HomeBlog The 2017 3D print calendar – 12 3D models that went viral this year

The 2017 3D print calendar – 12 3D models that went viral this year

We’re only a couple of weeks away until the end of 2017– already?! Well, time does fly by, especially with so many things going on in the 3D printing industry and community. One of the best things we love to look out for are popular 3D print models.

YouTubers, designers and even manufacturers often launch cool 3D printing trends that 3D printing users are eager to follow up on.

Just like 9Gag users’ holy meme calendar, every month we update our 3D print calendar to keep track of the community’s latest 3D printable model craze. From Baby Groots to fidget spinners and squirrels, it’s safe to say that 2017 has been rich in 3D printing.

We’d like to give a shout out to all the unsung heroes of 3D printing: awesome 3D model designers that definitely don’t get all the recognition they deserve. Some are becoming famous, like Louise Driggers or Agustin Flowalistik, but there are hundreds of other designers that provide thousands of free models for the whole community. Thank you!

Anyways, here’s our recap of 2017’s most viral 3D models!

The 2017 3D print calendar

We made this compilation based on what was going on in our social media feeds (especially Twitter) and 3D printing community forums. There’s nothing scientific about it, but this calendar should nonetheless provide a good overview of what’s been going on this year.

A recap of 2017's 3D printing fads.

January – Baby Groot

It’s only natural that, after the release of the Guardians of the Galaxy 2 trailer, the adorable Baby Groot would make an appearance on everyone’s build plates. What’s not to love?

February – Save Pangolins

This little critter was created to raise awareness for the crisis that pangolins are facing. Poachers hunt this mammal to sell its meat and scales, which are believed by some to provide incredible medicinal properties.

Save Pangolins 3D print

March – Hairy Lion

The Hairy Lion is 3D printed with long, straight lines around its head. Users then apply heat (from a blowdryer, a heat gun or hot water) to stylize the lion’s mane. 3D Printing Nerd explains the process in one of his videos.

April – Fidget Spinners

Fidget spinners in all shapes, size, and colors were all the rage last Spring. Even people not owning a 3D printer probably still have at least one fidget spinner sitting around the house.

Fidget Spinner

  • On Pinshape: https://pinshape.com/items/29494-3d-printed-tri-spinner-fidget-toy
  • Price: free

Disclaimer: there are many, many fidget spinner models out there. We simply chose one of the most collected models on Thingiverse.

May – More Fidget Spinners!

We thought we’d be seeing something other than fidget spinners in our Twitter feeds as a new month began. We were wrong.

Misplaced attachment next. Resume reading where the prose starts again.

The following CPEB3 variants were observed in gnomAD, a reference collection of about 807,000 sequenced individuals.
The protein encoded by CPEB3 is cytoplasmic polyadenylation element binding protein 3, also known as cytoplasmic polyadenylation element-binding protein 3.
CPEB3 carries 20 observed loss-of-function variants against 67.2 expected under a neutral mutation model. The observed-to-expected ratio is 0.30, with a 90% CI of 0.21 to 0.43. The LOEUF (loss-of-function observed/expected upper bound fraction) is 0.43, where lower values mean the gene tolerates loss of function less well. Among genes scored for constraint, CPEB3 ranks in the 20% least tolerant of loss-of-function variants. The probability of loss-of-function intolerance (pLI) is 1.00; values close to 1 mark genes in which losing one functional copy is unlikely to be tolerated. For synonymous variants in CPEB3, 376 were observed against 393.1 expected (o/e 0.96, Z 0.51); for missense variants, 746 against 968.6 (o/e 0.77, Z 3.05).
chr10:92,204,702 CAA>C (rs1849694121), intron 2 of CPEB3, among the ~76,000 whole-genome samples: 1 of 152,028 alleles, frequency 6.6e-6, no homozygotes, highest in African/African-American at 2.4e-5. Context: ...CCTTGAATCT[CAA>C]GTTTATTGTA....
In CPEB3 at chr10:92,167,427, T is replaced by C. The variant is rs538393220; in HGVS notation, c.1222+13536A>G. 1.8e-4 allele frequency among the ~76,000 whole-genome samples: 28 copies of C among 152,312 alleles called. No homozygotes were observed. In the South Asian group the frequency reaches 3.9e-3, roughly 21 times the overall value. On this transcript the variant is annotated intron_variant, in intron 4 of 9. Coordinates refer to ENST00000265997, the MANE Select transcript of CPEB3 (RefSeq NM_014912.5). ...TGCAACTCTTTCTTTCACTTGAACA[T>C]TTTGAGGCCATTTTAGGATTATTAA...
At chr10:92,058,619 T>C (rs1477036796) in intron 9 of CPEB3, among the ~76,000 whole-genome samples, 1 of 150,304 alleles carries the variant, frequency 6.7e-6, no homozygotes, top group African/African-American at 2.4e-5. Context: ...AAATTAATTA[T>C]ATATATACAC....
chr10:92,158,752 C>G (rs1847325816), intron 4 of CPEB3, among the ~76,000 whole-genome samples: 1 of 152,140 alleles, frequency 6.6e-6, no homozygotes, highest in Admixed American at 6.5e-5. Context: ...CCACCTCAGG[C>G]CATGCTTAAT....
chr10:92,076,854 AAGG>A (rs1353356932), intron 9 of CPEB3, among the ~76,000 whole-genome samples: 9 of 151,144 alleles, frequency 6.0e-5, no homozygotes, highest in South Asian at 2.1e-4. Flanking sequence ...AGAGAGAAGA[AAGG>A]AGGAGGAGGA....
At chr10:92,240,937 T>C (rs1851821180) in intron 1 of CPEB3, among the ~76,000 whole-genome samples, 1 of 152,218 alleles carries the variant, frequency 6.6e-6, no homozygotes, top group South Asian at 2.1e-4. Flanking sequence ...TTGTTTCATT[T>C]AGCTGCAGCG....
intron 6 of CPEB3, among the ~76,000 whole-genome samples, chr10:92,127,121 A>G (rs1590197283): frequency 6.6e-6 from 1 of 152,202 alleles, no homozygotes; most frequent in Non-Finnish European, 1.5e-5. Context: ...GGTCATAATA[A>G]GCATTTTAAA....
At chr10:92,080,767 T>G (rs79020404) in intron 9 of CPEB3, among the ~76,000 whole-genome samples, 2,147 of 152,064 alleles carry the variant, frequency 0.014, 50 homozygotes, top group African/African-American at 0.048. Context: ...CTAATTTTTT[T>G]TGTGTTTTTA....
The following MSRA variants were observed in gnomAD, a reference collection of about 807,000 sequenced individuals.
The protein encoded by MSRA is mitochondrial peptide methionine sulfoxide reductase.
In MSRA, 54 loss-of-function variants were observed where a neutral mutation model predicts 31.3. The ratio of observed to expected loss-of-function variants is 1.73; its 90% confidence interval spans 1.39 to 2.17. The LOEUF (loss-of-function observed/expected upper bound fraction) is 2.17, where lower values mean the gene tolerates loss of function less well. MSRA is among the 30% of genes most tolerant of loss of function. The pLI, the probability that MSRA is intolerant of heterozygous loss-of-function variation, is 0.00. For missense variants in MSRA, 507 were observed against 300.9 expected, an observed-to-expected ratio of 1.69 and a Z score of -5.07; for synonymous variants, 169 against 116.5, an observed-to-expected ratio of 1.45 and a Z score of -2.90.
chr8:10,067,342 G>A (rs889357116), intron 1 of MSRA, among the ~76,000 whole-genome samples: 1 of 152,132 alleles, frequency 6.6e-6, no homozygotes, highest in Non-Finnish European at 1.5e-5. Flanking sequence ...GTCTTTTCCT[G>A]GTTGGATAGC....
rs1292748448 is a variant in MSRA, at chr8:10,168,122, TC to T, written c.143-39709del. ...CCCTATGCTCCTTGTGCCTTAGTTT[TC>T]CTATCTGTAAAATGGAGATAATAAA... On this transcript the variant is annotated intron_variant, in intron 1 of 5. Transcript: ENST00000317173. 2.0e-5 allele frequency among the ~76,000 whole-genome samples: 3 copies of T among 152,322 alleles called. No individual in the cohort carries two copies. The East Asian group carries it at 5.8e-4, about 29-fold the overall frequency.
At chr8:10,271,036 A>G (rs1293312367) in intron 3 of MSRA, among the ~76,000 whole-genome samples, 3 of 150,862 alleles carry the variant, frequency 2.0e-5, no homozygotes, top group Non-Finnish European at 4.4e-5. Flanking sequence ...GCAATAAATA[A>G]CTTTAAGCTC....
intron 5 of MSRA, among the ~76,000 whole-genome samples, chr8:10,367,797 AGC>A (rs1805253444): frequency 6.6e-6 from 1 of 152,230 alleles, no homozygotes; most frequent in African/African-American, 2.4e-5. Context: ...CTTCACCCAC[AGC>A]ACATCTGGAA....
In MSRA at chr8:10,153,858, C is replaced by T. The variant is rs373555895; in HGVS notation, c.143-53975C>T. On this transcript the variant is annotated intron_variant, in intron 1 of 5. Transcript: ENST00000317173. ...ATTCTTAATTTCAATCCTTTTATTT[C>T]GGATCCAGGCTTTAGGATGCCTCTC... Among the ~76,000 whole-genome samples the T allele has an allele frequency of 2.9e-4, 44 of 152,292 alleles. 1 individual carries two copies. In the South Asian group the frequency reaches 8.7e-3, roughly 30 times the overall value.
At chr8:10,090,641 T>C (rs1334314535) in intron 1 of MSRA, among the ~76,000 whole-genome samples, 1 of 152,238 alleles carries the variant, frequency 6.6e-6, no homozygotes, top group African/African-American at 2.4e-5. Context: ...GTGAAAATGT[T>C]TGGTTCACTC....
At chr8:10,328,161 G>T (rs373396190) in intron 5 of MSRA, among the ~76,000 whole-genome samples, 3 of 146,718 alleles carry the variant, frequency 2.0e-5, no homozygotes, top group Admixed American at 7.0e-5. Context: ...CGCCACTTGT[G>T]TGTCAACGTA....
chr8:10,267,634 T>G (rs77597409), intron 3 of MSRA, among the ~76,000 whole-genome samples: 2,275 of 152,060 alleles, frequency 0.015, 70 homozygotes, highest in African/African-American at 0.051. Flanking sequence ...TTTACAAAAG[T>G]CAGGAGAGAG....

Fidget spinner

June – The Sorceress

This attractive pen holder, which came to save us from fidget spinners, was British designer loubie’s first public “pay for” model. 3D printing community members widely showed their support and shot out pen-holding sorceresses in a variety of colors and sizes.

July – MLP Based Unicorn

With inspiration from My Little Pony, this unicorn is the perfect occasion to test glitter filaments and rainbow material. Thanks for adding sparkles to July!

MLP Based Unicorn

August – Pickle Rick

What a delight it was to 3D print our own Pickle Rick. Any Rick and Morty fan will agree that the Pickle Rick episode is one of the funniest ones out there. Many variations of the basic Pickle Rick emerged, including ones with rat legs or other bizarre elements from Rick’s later transformation.

September – Squizzle

Designer loubie’s at it again! Many smooth and shiny squirrels emerged from this model to remind us that Fall was just around the corner.


October – MatterHackers’ 3D Phil

Like the famous Benchy, MatterHackers’ mascot 3D Phil (a.k.a. Phil A Ment) model aims to help users calibrate and troubleshoot their 3D printers. The model looks pretty cool, too!

MatterHackers Mascot Phil A Ment

November – JoelBot

The JoelBot is based on FatCeliac’s drawing of Joel Telling, a.k.a. 3D Printing Nerd on YouTube. This robot-like Joel, modeled by Travis (aPyroDesign), adds a friendly and welcoming touch to anyone’s desk.

December – Schrodinky

Once again, Louise Driggers is behind this great 3D printable model. This time it’s a cat (British Shorthair of course) in its favorite playground, a simple box.

Jolly bonus ?: another inevitable 3D print this winter is, obviously, a Christmas tree. We can spot many different models on the web, but the Candy Cane Christmas Tree stands out from the rest.

Candy Crane Christmas Tree

Special mention – Agustin Flowalistik

Also, we couldn’t not insert a special mention for Agustin Flowalistik, who doesn’t appear in this 3D print calendar albeit all the awesome, free models he creates! Agustin is a Spanish designer that often creates new designs, including low-poly everything (dogs, Pokemon, planes), Star Wars figurines, planters and more.

Finally, another big thank you to all the designers out there who regularly share free 3D models for everyone to 3D print.

See you next year for the 2018 3D print calendar. ?

About this author

Ludivine Cherdo

Ludivine is in charge of Aniwaa's content strategy and works towards providing useful, informative content, including detailed guides based on her deep knowledge of the additive manufacturing scene. She also reviews 3D printers and stays on top of the latest industry news and trends. After growing up in the US and living in Spain, Chile, and Cambodia, Ludivine is now based in France.